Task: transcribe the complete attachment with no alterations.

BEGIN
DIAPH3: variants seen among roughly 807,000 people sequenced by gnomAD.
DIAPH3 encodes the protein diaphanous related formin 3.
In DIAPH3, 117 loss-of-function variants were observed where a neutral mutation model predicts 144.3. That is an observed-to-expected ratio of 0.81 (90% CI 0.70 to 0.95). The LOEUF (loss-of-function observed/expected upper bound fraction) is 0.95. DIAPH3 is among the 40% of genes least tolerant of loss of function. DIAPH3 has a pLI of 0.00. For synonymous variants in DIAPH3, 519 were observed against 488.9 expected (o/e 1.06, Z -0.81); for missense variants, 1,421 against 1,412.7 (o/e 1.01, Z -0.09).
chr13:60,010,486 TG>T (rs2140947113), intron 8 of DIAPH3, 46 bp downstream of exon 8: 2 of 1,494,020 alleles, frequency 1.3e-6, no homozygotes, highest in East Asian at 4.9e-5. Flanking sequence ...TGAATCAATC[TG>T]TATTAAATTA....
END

DIAPH3: variants seen among roughly 807,000 people sequenced by gnomAD.
DIAPH3 encodes the protein diaphanous related formin 3.
In DIAPH3, 117 loss-of-function variants were observed where a neutral mutation model predicts 144.3. That is an observed-to-expected ratio of 0.81 (90% CI 0.70 to 0.95). The LOEUF (loss-of-function observed/expected upper bound fraction) is 0.95. DIAPH3 is among the 40% of genes least tolerant of loss of function. DIAPH3 has a pLI of 0.00. For synonymous variants in DIAPH3, 519 were observed against 488.9 expected (o/e 1.06, Z -0.81); for missense variants, 1,421 against 1,412.7 (o/e 1.01, Z -0.09).
chr13:60,010,486 TG>T (rs2140947113), intron 8 of DIAPH3, 46 bp downstream of exon 8: 2 of 1,494,020 alleles, frequency 1.3e-6, no homozygotes, highest in East Asian at 4.9e-5. Flanking sequence ...TGAATCAATC[TG>T]TATTAAATTA....